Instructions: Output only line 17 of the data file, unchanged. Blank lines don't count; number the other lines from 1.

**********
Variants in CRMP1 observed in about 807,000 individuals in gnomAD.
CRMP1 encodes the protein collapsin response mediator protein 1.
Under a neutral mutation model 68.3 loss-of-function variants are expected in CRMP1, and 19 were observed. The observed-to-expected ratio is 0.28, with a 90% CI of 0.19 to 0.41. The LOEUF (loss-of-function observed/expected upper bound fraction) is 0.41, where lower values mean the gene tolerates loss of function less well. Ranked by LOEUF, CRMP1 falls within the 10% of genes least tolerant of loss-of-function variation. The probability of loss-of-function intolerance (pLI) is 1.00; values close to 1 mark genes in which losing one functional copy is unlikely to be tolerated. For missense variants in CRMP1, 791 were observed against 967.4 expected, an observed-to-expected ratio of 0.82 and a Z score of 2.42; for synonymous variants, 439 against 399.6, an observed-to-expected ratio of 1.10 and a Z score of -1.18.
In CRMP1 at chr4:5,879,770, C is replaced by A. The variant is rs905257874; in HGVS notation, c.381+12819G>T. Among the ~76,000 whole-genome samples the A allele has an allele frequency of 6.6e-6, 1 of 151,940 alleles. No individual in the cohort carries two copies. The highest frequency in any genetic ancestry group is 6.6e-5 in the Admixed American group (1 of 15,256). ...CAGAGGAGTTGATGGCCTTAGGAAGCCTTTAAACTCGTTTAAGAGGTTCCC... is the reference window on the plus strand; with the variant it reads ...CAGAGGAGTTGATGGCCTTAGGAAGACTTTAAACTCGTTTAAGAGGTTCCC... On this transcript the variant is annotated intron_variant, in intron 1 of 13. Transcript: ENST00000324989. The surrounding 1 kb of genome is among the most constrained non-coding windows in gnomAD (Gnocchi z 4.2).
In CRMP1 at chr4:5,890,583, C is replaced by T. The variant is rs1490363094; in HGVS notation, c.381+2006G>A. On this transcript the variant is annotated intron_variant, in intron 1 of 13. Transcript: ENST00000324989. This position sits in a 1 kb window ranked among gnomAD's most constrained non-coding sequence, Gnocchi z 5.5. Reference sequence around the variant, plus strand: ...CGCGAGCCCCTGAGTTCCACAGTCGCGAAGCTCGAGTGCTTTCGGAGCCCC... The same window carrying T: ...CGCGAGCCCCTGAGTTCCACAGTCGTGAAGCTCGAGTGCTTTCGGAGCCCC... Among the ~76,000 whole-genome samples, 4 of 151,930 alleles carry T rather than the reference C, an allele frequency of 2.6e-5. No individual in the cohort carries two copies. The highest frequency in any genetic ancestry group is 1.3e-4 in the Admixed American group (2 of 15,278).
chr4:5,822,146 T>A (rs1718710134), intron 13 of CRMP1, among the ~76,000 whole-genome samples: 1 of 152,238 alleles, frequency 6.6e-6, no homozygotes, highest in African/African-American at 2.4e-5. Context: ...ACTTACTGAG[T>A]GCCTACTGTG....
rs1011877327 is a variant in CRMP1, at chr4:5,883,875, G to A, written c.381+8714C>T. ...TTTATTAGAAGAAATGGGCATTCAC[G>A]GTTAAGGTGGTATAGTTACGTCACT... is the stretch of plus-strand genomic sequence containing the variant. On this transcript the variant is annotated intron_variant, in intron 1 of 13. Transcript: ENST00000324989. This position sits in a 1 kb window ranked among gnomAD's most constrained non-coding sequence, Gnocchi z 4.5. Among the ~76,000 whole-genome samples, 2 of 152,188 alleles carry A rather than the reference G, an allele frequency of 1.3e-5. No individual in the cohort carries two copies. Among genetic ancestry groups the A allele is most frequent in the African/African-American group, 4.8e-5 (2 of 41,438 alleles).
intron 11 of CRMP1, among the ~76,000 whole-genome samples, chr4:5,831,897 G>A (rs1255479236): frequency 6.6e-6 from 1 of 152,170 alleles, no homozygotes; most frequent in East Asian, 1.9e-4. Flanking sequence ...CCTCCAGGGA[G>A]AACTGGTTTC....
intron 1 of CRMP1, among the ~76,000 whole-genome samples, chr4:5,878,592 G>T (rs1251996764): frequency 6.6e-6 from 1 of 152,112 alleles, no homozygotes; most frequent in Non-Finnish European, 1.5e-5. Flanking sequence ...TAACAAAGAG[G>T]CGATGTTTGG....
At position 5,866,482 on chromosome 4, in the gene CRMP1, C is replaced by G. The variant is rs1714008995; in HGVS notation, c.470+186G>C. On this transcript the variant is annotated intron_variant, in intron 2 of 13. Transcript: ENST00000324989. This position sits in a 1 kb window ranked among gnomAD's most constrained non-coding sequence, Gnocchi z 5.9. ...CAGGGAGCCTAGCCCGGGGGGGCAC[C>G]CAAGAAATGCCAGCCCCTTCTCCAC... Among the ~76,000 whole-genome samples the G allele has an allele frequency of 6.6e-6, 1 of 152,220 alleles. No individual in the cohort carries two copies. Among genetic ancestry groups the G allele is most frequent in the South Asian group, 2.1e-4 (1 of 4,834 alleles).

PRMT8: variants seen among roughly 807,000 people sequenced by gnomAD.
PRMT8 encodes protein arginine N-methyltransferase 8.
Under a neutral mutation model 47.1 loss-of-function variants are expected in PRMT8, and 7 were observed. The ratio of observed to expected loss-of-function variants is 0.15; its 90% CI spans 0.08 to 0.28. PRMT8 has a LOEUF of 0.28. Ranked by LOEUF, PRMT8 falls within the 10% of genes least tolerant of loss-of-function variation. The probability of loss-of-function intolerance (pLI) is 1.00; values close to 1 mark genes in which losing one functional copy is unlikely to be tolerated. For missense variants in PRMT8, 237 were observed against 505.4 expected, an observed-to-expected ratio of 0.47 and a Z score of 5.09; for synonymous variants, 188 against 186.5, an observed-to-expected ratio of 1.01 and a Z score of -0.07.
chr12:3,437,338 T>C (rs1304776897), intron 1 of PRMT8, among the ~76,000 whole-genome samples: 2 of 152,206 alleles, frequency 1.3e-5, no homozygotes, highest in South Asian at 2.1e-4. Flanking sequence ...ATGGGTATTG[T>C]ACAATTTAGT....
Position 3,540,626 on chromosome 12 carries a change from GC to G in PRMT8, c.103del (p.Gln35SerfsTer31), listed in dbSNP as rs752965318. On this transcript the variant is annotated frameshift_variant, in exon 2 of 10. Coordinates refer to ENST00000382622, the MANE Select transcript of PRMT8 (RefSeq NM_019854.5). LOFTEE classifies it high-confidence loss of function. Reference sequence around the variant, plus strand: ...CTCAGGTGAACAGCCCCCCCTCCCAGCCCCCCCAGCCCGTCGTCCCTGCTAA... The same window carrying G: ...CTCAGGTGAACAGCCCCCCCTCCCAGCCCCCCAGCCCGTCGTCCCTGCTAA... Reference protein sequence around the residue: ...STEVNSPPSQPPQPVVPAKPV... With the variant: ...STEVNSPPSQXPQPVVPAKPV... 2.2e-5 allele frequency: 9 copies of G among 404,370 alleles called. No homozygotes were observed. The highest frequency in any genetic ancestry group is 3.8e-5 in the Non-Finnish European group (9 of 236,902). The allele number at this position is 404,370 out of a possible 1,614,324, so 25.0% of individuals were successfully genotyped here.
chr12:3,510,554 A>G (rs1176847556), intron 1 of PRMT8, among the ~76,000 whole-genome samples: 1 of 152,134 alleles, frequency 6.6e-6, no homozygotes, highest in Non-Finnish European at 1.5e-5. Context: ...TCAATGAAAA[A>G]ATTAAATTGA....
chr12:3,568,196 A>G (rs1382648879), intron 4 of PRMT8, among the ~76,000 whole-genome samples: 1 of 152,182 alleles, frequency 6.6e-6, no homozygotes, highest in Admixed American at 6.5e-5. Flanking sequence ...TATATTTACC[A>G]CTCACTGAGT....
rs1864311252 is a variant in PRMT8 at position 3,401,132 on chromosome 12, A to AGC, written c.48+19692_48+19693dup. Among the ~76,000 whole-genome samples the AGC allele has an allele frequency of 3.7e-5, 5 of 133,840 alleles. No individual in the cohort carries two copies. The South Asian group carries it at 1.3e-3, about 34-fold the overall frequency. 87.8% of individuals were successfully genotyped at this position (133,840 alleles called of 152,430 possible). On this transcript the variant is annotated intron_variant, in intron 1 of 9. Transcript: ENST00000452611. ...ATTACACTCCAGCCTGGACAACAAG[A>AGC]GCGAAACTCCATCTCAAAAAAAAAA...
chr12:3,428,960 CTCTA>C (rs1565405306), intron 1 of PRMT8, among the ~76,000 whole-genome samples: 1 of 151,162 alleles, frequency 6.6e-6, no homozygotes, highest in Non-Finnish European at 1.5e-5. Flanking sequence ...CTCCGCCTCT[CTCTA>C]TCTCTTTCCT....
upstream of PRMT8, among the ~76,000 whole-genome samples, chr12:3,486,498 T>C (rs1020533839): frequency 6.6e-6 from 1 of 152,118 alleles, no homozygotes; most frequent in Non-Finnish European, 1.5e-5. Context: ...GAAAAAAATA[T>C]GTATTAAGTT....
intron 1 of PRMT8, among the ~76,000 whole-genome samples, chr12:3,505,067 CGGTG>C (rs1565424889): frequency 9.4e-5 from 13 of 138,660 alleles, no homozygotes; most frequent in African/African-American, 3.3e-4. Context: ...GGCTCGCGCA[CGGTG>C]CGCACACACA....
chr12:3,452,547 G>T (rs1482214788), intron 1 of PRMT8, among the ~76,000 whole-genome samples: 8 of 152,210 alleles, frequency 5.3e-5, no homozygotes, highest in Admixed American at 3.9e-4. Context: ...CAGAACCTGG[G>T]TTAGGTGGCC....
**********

chr12:3,568,196 A>G (rs1382648879), intron 4 of PRMT8, among the ~76,000 whole-genome samples: 1 of 152,182 alleles, frequency 6.6e-6, no homozygotes, highest in Admixed American at 6.5e-5. Flanking sequence ...TATATTTACC[A>G]CTCACTGAGT....